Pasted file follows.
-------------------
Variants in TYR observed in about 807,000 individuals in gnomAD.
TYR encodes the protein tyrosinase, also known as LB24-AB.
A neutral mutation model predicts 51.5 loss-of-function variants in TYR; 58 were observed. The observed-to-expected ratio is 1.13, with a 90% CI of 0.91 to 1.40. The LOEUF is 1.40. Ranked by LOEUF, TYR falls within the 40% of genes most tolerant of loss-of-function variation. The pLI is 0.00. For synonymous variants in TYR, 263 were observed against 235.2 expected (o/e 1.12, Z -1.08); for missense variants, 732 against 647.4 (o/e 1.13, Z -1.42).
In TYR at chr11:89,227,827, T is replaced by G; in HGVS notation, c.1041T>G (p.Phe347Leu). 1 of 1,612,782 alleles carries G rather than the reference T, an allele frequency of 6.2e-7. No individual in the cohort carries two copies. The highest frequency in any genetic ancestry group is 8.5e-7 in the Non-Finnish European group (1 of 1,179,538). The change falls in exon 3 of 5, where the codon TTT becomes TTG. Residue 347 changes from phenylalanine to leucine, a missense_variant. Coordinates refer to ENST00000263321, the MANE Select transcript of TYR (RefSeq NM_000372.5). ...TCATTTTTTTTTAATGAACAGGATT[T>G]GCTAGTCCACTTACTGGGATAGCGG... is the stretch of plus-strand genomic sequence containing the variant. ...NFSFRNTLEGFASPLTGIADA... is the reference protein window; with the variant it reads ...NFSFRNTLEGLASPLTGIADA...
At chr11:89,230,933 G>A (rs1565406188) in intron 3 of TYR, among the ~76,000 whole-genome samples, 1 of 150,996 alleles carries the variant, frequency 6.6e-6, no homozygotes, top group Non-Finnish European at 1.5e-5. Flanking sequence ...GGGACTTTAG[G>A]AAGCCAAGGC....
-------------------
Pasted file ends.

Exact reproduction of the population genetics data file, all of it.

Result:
Variants in TYR observed in about 807,000 individuals in gnomAD.
TYR encodes the protein tyrosinase, also known as LB24-AB.
A neutral mutation model predicts 51.5 loss-of-function variants in TYR; 58 were observed. The observed-to-expected ratio is 1.13, with a 90% CI of 0.91 to 1.40. The LOEUF is 1.40. Ranked by LOEUF, TYR falls within the 40% of genes most tolerant of loss-of-function variation. The pLI is 0.00. For synonymous variants in TYR, 263 were observed against 235.2 expected (o/e 1.12, Z -1.08); for missense variants, 732 against 647.4 (o/e 1.13, Z -1.42).
In TYR at chr11:89,227,827, T is replaced by G; in HGVS notation, c.1041T>G (p.Phe347Leu). 1 of 1,612,782 alleles carries G rather than the reference T, an allele frequency of 6.2e-7. No individual in the cohort carries two copies. The highest frequency in any genetic ancestry group is 8.5e-7 in the Non-Finnish European group (1 of 1,179,538). The change falls in exon 3 of 5, where the codon TTT becomes TTG. Residue 347 changes from phenylalanine to leucine, a missense_variant. Coordinates refer to ENST00000263321, the MANE Select transcript of TYR (RefSeq NM_000372.5). ...TCATTTTTTTTTAATGAACAGGATT[T>G]GCTAGTCCACTTACTGGGATAGCGG... is the stretch of plus-strand genomic sequence containing the variant. ...NFSFRNTLEGFASPLTGIADA... is the reference protein window; with the variant it reads ...NFSFRNTLEGLASPLTGIADA...
At chr11:89,230,933 G>A (rs1565406188) in intron 3 of TYR, among the ~76,000 whole-genome samples, 1 of 150,996 alleles carries the variant, frequency 6.6e-6, no homozygotes, top group Non-Finnish European at 1.5e-5. Flanking sequence ...GGGACTTTAG[G>A]AAGCCAAGGC....